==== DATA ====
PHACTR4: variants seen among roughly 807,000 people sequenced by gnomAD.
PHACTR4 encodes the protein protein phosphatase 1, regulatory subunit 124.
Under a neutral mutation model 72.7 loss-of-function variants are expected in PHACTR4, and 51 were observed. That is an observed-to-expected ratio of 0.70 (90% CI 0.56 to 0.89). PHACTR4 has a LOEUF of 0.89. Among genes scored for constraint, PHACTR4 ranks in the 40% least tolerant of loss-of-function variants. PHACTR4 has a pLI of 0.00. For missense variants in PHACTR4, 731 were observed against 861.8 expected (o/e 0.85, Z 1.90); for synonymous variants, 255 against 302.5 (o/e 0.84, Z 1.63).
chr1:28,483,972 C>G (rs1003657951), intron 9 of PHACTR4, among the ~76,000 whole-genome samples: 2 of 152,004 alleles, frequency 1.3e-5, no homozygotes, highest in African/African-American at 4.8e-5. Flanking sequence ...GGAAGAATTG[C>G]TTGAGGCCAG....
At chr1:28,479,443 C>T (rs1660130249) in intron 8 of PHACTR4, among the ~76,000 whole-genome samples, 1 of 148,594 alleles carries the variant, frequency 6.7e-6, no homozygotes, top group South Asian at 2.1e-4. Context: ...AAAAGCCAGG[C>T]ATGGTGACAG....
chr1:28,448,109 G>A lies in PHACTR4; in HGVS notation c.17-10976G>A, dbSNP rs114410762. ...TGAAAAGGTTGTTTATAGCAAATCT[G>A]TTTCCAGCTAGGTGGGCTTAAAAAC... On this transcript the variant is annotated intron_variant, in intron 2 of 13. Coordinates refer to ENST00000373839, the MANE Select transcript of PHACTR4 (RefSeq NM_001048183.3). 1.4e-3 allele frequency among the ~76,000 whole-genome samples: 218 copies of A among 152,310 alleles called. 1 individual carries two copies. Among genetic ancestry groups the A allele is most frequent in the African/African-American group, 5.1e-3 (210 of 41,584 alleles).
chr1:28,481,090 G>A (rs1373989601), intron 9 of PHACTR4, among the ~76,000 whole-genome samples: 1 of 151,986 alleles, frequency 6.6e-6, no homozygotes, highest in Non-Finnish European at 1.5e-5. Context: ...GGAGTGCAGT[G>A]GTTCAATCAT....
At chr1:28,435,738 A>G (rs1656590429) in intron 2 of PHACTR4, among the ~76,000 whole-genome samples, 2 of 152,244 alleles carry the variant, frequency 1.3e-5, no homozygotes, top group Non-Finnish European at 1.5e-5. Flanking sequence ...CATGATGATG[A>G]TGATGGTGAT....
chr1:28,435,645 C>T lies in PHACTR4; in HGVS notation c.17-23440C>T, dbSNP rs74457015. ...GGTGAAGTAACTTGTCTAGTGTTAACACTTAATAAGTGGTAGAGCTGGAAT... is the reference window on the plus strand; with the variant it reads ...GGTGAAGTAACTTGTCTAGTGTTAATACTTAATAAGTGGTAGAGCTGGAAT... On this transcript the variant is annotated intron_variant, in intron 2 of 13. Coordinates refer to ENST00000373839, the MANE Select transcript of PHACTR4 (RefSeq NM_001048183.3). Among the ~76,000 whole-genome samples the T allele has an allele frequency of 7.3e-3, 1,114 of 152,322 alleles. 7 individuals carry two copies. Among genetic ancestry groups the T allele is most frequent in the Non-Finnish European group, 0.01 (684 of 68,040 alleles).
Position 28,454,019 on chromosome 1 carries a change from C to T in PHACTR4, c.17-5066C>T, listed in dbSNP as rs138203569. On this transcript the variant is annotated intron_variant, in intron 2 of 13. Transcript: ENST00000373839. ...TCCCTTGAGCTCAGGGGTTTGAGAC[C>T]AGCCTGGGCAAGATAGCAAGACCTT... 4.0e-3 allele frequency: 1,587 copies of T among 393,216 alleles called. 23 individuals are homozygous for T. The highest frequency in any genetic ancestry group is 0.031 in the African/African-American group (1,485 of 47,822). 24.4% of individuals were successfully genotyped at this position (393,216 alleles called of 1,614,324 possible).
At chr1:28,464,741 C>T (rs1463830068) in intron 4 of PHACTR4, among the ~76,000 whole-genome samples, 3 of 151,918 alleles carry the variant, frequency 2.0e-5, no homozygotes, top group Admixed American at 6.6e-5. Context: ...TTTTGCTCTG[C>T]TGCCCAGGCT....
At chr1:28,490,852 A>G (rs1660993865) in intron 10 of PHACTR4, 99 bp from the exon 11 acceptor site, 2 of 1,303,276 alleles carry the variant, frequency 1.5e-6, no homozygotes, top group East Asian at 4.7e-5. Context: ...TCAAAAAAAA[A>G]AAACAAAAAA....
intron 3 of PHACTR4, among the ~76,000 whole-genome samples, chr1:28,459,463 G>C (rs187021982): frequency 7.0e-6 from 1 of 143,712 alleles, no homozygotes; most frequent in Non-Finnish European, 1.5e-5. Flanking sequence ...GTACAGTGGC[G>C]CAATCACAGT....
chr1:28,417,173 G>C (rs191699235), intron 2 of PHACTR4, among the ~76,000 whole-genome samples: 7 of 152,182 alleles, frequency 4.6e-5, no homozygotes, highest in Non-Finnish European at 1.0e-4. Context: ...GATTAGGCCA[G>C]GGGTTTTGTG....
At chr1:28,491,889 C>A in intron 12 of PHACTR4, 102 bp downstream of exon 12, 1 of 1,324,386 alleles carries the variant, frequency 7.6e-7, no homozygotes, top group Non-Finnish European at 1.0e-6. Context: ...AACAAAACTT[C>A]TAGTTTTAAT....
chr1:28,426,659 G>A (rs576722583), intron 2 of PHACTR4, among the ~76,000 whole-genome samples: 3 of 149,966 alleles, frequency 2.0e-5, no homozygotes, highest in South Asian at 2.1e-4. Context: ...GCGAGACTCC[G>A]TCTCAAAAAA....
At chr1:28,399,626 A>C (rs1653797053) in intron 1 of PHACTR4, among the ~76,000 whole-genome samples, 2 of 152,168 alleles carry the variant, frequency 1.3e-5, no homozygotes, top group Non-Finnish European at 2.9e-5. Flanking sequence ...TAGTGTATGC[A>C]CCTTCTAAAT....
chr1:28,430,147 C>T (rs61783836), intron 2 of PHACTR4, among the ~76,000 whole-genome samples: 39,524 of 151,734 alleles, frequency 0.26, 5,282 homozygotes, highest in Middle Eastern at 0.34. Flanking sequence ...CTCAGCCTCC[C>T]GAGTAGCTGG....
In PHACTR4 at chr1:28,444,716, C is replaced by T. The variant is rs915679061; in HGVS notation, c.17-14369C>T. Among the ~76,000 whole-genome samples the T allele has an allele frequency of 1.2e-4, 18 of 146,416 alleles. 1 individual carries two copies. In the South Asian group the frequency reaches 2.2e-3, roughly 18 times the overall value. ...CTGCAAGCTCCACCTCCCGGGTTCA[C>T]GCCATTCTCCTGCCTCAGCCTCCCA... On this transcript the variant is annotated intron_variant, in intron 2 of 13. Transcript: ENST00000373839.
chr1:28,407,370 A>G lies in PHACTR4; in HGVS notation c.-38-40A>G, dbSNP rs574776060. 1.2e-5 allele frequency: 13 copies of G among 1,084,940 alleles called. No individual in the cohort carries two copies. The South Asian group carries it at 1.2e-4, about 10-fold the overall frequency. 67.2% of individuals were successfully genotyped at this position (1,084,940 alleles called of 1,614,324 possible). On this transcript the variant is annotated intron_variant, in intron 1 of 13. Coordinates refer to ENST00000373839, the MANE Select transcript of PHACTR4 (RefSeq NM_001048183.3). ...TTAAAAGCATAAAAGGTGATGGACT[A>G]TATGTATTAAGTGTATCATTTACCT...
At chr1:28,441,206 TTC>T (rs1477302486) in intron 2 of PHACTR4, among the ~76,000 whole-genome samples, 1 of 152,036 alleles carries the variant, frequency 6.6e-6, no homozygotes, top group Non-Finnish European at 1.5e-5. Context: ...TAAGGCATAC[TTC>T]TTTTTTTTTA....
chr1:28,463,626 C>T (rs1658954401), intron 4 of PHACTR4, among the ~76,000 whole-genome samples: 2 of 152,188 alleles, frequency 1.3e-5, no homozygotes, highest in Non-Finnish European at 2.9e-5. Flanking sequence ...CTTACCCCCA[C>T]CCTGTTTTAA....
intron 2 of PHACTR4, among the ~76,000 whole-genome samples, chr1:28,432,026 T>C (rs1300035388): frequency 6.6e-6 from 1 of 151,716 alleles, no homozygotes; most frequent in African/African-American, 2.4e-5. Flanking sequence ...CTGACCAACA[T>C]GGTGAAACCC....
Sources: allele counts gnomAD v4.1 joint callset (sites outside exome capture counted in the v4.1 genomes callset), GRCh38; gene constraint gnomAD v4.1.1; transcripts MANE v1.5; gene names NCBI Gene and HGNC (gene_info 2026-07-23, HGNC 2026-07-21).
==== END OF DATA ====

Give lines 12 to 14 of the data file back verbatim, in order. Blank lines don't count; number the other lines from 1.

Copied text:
At chr1:28,490,852 A>G (rs1660993865) in intron 10 of PHACTR4, 99 bp from the exon 11 acceptor site, 2 of 1,303,276 alleles carry the variant, frequency 1.5e-6, no homozygotes, top group East Asian at 4.7e-5. Context: ...TCAAAAAAAA[A>G]AAACAAAAAA....
intron 3 of PHACTR4, among the ~76,000 whole-genome samples, chr1:28,459,463 G>C (rs187021982): frequency 7.0e-6 from 1 of 143,712 alleles, no homozygotes; most frequent in Non-Finnish European, 1.5e-5. Flanking sequence ...GTACAGTGGC[G>C]CAATCACAGT....
chr1:28,417,173 G>C (rs191699235), intron 2 of PHACTR4, among the ~76,000 whole-genome samples: 7 of 152,182 alleles, frequency 4.6e-5, no homozygotes, highest in Non-Finnish European at 1.0e-4. Context: ...GATTAGGCCA[G>C]GGGTTTTGTG....